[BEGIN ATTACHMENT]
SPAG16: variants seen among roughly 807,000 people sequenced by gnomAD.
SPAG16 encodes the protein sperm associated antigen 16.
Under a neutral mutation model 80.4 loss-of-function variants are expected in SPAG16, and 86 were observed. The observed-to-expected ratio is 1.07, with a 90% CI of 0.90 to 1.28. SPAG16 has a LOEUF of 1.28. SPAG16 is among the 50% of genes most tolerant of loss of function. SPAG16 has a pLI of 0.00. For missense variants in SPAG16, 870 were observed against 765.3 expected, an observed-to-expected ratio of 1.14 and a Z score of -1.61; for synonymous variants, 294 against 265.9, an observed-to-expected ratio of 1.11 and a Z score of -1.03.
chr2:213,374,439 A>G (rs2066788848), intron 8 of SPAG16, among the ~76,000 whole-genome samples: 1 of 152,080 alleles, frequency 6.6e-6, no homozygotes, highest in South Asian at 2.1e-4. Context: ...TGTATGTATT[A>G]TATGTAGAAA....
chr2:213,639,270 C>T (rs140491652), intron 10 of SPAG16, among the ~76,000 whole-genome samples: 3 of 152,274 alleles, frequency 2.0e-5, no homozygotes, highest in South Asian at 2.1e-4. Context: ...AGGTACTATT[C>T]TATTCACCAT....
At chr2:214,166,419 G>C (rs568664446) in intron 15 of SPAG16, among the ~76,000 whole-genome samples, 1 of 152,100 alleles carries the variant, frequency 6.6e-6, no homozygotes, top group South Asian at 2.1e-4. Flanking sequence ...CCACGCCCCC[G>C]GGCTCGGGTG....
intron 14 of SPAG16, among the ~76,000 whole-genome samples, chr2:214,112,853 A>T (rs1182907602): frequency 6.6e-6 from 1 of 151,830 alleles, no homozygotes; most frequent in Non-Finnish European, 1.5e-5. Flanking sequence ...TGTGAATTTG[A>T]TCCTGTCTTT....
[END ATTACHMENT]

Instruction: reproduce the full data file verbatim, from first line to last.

SPAG16: variants seen among roughly 807,000 people sequenced by gnomAD.
SPAG16 encodes the protein sperm associated antigen 16.
Under a neutral mutation model 80.4 loss-of-function variants are expected in SPAG16, and 86 were observed. The observed-to-expected ratio is 1.07, with a 90% CI of 0.90 to 1.28. SPAG16 has a LOEUF of 1.28. SPAG16 is among the 50% of genes most tolerant of loss of function. SPAG16 has a pLI of 0.00. For missense variants in SPAG16, 870 were observed against 765.3 expected, an observed-to-expected ratio of 1.14 and a Z score of -1.61; for synonymous variants, 294 against 265.9, an observed-to-expected ratio of 1.11 and a Z score of -1.03.
chr2:213,374,439 A>G (rs2066788848), intron 8 of SPAG16, among the ~76,000 whole-genome samples: 1 of 152,080 alleles, frequency 6.6e-6, no homozygotes, highest in South Asian at 2.1e-4. Context: ...TGTATGTATT[A>G]TATGTAGAAA....
chr2:213,639,270 C>T (rs140491652), intron 10 of SPAG16, among the ~76,000 whole-genome samples: 3 of 152,274 alleles, frequency 2.0e-5, no homozygotes, highest in South Asian at 2.1e-4. Context: ...AGGTACTATT[C>T]TATTCACCAT....
At chr2:214,166,419 G>C (rs568664446) in intron 15 of SPAG16, among the ~76,000 whole-genome samples, 1 of 152,100 alleles carries the variant, frequency 6.6e-6, no homozygotes, top group South Asian at 2.1e-4. Flanking sequence ...CCACGCCCCC[G>C]GGCTCGGGTG....
intron 14 of SPAG16, among the ~76,000 whole-genome samples, chr2:214,112,853 A>T (rs1182907602): frequency 6.6e-6 from 1 of 151,830 alleles, no homozygotes; most frequent in Non-Finnish European, 1.5e-5. Flanking sequence ...TGTGAATTTG[A>T]TCCTGTCTTT....